The laser distance sensor I bought off eBay successfully managed to send data to my desktop computer, and the data looks vaguely reasonable. However, I’m not interested in a static scanner – I’m interested in using this on a robot that moves. Since I don’t have the rest of the robot vacuum, what’s the quickest way I can hack up something to see how this LIDAR unit from a Neato XV-11 works in motion?
Obviously something on the move needs to run off battery, and there’s already a motor voltage regulator working to keep motor speed correct. So that part’s easy, and attention turns to the data connection. I needed something that can talk to a serial device and send that data wirelessly to my computer. There are many ways to do this in the ROS ecosystem, but in the interest of time I thought I’d just do it in the way I already know how. A Raspberry Pi is a ROS-capable battery-powered computer and everything I just did on my computer would work on a Pi. (The one in the picture here has the Adafruit servo control PWM HAT on board, though the HAT is unused in this test.)
The Raspberry Pi is powered by its own battery voltage regulator I created for Sawppy, supplying 5 volts and running in parallel with an identical unit tuned for 3 volts supplying power to spin the motor. As always, the tedious part is getting a Pi on the wireless network. But once I could SSH into the Pi wirelessly, I could run all the ROS commands I used on my desktop to turn this into a mobile distance data station. Reading in data via FTDI serial port adapter, sends data out as ROS topic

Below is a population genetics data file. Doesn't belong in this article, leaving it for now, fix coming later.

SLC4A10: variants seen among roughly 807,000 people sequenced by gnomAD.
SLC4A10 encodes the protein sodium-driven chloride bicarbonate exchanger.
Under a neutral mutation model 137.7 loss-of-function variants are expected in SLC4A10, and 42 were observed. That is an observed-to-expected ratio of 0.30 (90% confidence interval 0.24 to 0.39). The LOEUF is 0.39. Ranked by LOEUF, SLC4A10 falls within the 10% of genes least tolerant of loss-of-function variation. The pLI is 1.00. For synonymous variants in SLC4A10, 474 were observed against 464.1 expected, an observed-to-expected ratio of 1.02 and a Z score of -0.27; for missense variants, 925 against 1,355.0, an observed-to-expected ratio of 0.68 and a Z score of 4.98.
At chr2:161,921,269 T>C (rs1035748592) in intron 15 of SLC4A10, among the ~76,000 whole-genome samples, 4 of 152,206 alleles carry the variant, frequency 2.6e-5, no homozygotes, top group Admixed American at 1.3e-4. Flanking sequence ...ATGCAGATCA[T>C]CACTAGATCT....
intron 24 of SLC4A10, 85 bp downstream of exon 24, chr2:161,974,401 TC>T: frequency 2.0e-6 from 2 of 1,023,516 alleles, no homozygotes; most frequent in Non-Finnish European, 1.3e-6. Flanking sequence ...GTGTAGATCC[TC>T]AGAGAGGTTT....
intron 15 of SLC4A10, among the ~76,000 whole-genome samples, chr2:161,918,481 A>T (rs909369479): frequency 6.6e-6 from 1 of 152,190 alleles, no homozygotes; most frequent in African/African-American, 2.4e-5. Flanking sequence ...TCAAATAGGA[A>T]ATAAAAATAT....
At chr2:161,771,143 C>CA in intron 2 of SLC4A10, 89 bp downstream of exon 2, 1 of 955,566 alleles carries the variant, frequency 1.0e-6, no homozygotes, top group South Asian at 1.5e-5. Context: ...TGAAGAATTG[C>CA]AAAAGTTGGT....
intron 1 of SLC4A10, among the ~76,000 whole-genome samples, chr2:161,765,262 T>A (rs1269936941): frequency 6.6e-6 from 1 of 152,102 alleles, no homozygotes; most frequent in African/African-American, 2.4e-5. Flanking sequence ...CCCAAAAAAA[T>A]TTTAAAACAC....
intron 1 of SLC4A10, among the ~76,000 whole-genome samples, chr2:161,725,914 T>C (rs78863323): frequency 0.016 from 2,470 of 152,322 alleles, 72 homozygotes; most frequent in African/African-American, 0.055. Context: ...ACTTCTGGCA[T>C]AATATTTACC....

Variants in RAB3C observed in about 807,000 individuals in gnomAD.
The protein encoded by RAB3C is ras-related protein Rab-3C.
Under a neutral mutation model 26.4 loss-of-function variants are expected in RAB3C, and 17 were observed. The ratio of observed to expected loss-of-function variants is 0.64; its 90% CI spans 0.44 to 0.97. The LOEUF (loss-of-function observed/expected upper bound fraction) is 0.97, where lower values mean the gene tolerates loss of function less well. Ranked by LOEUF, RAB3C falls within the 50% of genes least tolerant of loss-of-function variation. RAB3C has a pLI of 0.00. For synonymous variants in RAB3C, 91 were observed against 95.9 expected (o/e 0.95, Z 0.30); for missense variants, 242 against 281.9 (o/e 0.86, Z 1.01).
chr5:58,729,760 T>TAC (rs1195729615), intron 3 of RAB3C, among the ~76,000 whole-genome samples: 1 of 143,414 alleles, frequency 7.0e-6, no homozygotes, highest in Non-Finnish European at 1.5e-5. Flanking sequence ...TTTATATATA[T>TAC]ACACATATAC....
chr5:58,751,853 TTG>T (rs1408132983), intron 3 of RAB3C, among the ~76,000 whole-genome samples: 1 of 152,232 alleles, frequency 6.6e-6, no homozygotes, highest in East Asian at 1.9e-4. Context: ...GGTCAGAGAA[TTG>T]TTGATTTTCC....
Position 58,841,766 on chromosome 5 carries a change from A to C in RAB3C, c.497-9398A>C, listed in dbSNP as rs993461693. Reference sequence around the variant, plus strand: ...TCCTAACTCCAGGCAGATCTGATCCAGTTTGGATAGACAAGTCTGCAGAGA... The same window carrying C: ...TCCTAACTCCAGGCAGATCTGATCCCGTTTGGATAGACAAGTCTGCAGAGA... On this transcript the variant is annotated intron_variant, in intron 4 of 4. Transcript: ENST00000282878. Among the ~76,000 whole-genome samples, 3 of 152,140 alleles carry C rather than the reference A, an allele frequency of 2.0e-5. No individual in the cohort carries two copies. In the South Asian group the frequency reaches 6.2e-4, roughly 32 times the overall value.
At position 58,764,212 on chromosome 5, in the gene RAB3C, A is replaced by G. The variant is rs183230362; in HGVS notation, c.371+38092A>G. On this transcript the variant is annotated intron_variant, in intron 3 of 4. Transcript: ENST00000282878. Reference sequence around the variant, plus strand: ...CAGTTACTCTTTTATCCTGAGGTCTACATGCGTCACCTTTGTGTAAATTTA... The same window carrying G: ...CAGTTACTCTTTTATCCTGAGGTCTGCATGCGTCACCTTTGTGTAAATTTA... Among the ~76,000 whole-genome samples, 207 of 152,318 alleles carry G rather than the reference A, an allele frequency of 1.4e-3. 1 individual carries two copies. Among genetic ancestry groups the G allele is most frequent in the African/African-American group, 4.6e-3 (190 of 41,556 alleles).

/scan over WiFi.
Using a Raspberry Pi 3 in this capacity is complete overkill – the Pi 3 can easily shuttle 115200 bps serial data over the network. But it was quick to get up and running. Also – the FTDI is technically unnecessary because a Pi has 3.3V serial capability on board that we could use. It’s not worth the time to fuss with right now but something to keep in mind for later.
Now that the laser is mobile, it’s time to explore its behavior on the move…